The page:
Many of Washington DC‘s internationally recognizable buildings and monuments are indeed free to visit, but there are other options besides Presidential statues and plaques if you want to conserve a little cash. Here are three ideas to mull over while planning your getaway to the nation’s capital.
1. Eavesdrop on the Supreme Court: Seriously – oral arguments are open to the public, but you’ll have to show up early and be patient if you want to grab a seat in the Courtroom. Justices Kagan, Scalia, Ginsburg, Breyer, Alito, Kennedy, Thomas, Sotomayor, and Chief Justice Roberts face a lot of pressure these days, and on certain scheduled mornings, you can see them in action, whipping out those precedents. As for the rest of the building, there isn’t a group tour per se, but guests are welcome, so you can still explore the elegant ground floors, see the visitor’s film, and attend Courtroom Lectures on your own. Prepare for long lines in summer and the predictable amount of security on the way in, and of course keep the volume down while passing law-makers hard at work in nearby offices.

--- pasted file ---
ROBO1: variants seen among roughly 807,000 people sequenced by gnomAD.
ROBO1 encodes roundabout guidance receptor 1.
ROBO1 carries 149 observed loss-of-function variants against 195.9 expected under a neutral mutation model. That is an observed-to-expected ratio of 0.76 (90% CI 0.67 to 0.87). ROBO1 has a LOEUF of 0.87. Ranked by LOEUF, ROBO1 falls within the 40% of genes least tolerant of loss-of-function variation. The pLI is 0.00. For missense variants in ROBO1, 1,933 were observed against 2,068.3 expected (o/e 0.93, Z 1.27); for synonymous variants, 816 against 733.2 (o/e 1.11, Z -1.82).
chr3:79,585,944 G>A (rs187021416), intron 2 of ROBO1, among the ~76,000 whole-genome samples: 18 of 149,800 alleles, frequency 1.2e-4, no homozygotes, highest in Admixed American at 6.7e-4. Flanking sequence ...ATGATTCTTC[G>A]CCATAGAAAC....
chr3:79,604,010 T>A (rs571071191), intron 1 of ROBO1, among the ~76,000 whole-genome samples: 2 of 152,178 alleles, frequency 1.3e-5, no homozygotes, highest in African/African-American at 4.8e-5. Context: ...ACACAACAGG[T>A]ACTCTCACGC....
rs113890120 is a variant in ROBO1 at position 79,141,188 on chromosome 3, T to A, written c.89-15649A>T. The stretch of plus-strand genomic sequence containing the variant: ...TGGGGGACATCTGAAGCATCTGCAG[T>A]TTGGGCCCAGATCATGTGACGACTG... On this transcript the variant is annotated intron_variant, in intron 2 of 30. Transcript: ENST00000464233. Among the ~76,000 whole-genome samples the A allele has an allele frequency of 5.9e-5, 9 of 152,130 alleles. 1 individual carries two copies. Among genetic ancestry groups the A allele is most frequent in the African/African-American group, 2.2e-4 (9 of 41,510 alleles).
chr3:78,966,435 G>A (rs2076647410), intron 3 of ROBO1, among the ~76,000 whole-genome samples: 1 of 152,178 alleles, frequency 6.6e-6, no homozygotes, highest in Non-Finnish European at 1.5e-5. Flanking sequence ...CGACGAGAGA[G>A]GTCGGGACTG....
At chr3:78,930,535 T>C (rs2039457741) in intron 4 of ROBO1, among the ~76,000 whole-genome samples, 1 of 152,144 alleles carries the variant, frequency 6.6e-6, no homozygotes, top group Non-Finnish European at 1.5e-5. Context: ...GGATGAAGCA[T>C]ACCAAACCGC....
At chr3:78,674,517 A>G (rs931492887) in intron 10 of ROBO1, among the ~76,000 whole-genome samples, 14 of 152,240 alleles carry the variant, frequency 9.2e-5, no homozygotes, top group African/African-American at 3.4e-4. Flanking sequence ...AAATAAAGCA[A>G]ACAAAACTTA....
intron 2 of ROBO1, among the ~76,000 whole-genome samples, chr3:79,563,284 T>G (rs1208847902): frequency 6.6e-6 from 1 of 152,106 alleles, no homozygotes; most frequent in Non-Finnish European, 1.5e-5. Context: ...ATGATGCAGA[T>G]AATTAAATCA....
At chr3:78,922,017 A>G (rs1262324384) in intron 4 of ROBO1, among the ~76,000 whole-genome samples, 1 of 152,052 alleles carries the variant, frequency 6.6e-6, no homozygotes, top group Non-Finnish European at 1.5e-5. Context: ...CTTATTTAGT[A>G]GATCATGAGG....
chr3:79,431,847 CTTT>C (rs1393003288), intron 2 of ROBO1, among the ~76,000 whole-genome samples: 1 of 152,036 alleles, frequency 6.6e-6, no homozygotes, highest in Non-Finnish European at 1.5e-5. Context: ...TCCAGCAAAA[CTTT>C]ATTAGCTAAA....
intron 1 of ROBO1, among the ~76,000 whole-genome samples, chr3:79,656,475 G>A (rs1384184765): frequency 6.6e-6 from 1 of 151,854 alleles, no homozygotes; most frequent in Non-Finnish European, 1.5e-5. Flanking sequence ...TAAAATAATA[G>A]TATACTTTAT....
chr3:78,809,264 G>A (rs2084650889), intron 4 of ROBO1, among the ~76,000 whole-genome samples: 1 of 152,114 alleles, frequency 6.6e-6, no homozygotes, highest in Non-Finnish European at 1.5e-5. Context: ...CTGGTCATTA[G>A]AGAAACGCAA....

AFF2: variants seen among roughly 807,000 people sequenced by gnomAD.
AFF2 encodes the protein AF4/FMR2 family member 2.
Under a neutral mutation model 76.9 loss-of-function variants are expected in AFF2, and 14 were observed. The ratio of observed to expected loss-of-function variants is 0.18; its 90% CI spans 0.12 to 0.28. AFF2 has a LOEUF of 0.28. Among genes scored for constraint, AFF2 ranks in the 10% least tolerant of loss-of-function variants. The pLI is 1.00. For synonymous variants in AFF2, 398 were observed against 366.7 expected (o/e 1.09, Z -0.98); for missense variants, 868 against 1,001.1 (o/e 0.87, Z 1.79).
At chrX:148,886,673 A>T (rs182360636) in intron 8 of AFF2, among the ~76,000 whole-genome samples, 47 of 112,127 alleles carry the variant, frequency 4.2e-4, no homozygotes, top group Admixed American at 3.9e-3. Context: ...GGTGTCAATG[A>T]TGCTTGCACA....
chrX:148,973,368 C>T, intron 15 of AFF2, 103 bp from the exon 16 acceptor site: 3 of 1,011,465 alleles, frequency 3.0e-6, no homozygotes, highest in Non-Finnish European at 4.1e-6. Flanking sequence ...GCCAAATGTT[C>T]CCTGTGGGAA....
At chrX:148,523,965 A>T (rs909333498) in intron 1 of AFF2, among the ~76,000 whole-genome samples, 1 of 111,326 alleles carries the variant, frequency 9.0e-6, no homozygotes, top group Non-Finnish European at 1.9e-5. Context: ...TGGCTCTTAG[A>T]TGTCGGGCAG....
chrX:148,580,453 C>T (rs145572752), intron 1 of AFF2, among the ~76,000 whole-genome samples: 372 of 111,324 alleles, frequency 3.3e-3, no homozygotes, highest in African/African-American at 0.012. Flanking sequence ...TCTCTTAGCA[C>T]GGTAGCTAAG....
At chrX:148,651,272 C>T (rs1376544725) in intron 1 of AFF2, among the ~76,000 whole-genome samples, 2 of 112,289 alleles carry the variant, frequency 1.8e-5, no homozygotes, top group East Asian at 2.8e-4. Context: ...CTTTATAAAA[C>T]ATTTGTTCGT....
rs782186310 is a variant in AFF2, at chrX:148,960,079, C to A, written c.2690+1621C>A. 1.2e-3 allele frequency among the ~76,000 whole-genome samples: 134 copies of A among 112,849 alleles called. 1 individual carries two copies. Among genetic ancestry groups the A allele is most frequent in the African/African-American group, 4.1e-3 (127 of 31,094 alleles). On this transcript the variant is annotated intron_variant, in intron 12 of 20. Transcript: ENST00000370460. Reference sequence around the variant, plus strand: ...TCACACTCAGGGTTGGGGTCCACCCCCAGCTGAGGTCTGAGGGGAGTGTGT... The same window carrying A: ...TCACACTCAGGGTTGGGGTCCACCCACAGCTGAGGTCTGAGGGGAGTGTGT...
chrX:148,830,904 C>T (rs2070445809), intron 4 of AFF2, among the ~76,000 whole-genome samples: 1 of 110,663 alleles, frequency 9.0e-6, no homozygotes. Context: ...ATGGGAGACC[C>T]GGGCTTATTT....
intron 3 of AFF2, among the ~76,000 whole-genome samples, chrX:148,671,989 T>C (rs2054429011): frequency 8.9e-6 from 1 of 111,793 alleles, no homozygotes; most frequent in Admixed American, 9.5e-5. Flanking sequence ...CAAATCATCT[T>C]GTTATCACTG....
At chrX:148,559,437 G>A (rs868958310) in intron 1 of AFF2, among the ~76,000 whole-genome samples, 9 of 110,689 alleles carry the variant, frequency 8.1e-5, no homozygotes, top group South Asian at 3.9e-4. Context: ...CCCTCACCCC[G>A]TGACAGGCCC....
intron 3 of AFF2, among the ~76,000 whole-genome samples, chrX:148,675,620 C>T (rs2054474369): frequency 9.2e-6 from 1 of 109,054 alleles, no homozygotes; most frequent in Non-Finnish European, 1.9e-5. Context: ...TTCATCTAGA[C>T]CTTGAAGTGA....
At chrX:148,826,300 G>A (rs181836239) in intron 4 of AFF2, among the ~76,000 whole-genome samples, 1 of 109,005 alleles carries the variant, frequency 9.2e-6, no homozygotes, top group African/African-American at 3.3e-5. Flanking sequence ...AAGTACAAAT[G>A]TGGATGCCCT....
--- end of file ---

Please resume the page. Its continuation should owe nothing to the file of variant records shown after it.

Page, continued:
2. Watch Classic Movies at the National Theatre: On Monday evenings in the Helen Hayes Gallery, free tickets are given out a half-hour before the screenings (one per person in line, so bring everyone early together). Reconnect with Burt Lancaster, Tony Curtis, Deborah Kerr, Kirk Douglas, and Jean Simmons – you know you missed them. Saturday mornings are also free ticketed events, this time for kids; activities and performances are often song-and-dance related and promote social awareness.
3. Sniff the Scents at the U.S. National Arboretum: Spread over roughly 450 acres and visited by half a million people a year, the Arboretum was established in 1927 and continues to be a leading scientific and educational haven for plant-lovers. The library has 11,000 books on subjects like botany and plant taxonomy; the herbarium alone has 650,000 specimens for medicinal and horticultural studies. As far as ‘living museums’ go, this one tops the list in depth and appeal. It’s open almost completely year-round, and admission is free. Tip: the National Grove of State Trees is a prime spot for afternoon picnics.
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